From 1996 when the WG&A was formed, Sulpicio Lines only lost the Philippine Princess (fire while under refitting in 1997), the Princess of the Orient (capsizing in a storm in 1998), the Iloilo Princess (fire and capsizing while under refitting in 2003), the Princess of the World (fire while sailing in 2005) and the Princess of the Stars (capsizing in a storm in 2008) and the Princess of the Pacific (serious grounding incident resulting in complete total loss in 2004). That is until they were suspended in 2008 when only one liner was left sailing for them, the Princess of the South which did not sink.

In the comparative period, WG&A and ATS employed a total of 24 liners (the overnight ferries of Cebu Ferries Corporation was obviously not included here are they are not multiday liners). Sulpicio Lines had a total of 22 liners in the parallel period so their numbers are about even. But the ship loss total of WG&A, ATS and 2GO is clearly higher and the public was never made aware of this. Maybe some good PR works while it seems Sulpicio Lines never took care of that and all they knew was feeding their passengers well (unli rice or smorgasbord, anyone?). But then however those liner losses are scandalous in number, by whatever measure. Imagine losing more than one liner per year on the average.

Some of the liners of WG&A and ATS were not SuperFerries in name but but the Our Ladies, the two Cities and a Dona from William Lines had perfect safety records as none of them was ever lost. Now, does the choice of name matter in safety? Or the “lesser” ferries do try harder and are more careful? That discrepancy certainly made me think and it might be worth a study.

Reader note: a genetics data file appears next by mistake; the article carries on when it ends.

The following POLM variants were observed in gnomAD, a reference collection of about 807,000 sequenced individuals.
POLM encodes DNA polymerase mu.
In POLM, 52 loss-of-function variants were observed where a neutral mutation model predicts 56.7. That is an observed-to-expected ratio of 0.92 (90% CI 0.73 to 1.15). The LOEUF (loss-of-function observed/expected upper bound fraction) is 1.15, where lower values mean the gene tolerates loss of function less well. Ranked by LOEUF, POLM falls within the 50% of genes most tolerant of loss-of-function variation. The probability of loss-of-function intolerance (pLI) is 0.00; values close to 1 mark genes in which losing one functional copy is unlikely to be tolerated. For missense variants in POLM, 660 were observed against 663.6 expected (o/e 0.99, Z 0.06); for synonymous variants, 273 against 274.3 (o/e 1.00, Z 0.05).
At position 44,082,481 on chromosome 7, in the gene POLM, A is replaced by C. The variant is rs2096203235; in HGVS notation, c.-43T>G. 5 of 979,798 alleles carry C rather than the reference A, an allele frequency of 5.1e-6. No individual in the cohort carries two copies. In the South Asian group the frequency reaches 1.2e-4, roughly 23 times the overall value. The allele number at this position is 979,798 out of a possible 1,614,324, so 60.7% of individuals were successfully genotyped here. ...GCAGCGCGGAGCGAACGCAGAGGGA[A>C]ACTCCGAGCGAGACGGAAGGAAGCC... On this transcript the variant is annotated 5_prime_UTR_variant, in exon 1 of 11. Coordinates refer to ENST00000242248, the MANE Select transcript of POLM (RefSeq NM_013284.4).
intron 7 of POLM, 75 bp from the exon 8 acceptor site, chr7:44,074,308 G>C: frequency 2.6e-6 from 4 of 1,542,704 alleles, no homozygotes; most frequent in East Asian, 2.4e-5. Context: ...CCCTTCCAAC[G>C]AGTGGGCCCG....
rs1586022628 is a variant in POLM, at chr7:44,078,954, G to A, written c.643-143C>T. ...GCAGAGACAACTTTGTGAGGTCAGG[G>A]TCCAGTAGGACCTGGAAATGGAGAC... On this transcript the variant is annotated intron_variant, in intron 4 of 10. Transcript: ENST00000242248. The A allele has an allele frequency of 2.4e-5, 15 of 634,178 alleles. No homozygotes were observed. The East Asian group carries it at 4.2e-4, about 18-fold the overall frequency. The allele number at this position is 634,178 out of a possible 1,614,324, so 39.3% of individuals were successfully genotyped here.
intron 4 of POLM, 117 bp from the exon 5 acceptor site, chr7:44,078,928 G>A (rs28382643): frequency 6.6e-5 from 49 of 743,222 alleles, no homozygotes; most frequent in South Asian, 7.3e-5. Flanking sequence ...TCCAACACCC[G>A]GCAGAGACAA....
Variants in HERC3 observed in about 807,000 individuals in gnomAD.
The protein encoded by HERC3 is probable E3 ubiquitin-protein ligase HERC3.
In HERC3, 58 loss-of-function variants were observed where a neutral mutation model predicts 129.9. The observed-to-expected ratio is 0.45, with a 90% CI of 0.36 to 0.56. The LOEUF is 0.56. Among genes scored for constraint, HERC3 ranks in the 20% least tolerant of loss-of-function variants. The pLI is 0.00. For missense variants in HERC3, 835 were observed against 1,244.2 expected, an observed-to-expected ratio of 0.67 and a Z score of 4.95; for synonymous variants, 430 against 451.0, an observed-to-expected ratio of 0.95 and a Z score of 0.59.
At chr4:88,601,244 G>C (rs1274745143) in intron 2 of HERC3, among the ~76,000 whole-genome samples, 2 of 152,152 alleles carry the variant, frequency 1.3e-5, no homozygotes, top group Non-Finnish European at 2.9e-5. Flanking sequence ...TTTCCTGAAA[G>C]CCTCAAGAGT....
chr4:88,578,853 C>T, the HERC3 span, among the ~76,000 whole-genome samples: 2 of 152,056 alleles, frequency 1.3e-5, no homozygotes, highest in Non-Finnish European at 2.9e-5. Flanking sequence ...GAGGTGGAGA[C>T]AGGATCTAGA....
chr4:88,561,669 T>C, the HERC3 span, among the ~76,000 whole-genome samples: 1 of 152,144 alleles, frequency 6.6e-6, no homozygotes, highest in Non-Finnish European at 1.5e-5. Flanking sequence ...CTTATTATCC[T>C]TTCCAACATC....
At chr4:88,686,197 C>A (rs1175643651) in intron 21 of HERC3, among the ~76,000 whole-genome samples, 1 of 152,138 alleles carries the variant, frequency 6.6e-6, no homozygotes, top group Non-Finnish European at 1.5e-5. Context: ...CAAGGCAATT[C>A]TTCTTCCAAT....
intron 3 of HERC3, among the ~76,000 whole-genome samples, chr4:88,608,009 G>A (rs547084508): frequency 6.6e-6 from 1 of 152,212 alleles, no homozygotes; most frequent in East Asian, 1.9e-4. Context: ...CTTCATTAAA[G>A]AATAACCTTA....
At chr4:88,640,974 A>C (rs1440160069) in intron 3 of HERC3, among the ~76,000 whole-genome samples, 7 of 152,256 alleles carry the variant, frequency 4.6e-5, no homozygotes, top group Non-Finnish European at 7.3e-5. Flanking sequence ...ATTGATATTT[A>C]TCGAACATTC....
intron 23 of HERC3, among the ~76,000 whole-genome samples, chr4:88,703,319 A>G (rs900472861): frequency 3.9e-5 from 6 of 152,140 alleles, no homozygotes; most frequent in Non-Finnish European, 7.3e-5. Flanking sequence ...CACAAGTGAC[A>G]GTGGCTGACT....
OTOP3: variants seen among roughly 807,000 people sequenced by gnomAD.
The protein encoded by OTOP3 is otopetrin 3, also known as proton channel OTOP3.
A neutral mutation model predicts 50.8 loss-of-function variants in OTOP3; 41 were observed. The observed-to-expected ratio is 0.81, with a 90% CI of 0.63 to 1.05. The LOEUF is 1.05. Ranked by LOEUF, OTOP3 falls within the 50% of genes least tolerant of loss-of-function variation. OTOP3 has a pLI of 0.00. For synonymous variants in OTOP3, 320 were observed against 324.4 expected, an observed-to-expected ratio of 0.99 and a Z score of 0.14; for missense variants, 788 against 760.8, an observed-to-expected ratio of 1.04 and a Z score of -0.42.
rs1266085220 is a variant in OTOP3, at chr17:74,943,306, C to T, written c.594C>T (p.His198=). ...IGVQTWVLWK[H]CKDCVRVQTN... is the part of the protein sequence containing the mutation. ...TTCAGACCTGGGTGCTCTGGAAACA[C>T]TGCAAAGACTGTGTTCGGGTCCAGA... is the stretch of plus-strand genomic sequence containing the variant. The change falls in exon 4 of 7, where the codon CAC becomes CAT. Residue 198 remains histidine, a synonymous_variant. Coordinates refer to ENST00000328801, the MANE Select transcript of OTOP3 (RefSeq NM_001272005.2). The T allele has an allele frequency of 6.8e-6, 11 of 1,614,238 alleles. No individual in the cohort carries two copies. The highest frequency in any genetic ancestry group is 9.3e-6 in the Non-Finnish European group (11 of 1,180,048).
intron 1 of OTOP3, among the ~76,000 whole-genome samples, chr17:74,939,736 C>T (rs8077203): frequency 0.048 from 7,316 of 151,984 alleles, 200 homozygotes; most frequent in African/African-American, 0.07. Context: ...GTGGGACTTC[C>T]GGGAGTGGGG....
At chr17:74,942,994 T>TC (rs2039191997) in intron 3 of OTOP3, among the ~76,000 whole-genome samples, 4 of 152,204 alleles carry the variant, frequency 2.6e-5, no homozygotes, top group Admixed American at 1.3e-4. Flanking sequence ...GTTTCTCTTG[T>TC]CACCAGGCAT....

Negros Navigation was far safer than the WG&A and Sulpicio Lines losing only the St. Francis Xavier in 1999. Do naming of liners after saints enhance their safety? Conversely, do naming of liners with the qualifier “Super” means the ship will sink faster? Questions, questions. But the lightly-regarded and revived Carlos A. Gothong Lines Incorporated (CAGLI) tops them all with absolutely no losses. Now for a company that sometimes have difficulty painting their ships that is something (while the spic-and-span WG&A and ATS which repaints their liners while sailing tops the losses department). Does it mean it is better not to repaint liners well? I observed in the eastern seaboard that the ships that are not painted well have no losses (until the dumb Archipelago Ferries let its stalled Maharlika II sank into the waves in 2014 without rescuing it and thereby breaking the record – that ship was newly painted when it went under so the repainting might have doomed her?). Well, in my earlier thesis and later in this article I find it funny that the ships which are more rusty does not sink as long as it is not a Batangas ship (ah, the disproportionality again). While those that can always afford new paint like WG&A and successor ATS sink. Is a new coat of paint a sign of danger for the ship? Or is it the P & I insurance that did them in? Funny, funny. Negros Navigation when it was already in trouble and lacks the money already did not have one ship sinking. So the illiquidity which Negros Navigation suffered means more safety? Har, har! Whatever, I want to commend them and top honcho Sulficio Tagud for taking the high road and not just let the ships sink just to collect insurance. And last note, in multi-day liner operations before, Aleson Shipping Lines never lost a ship.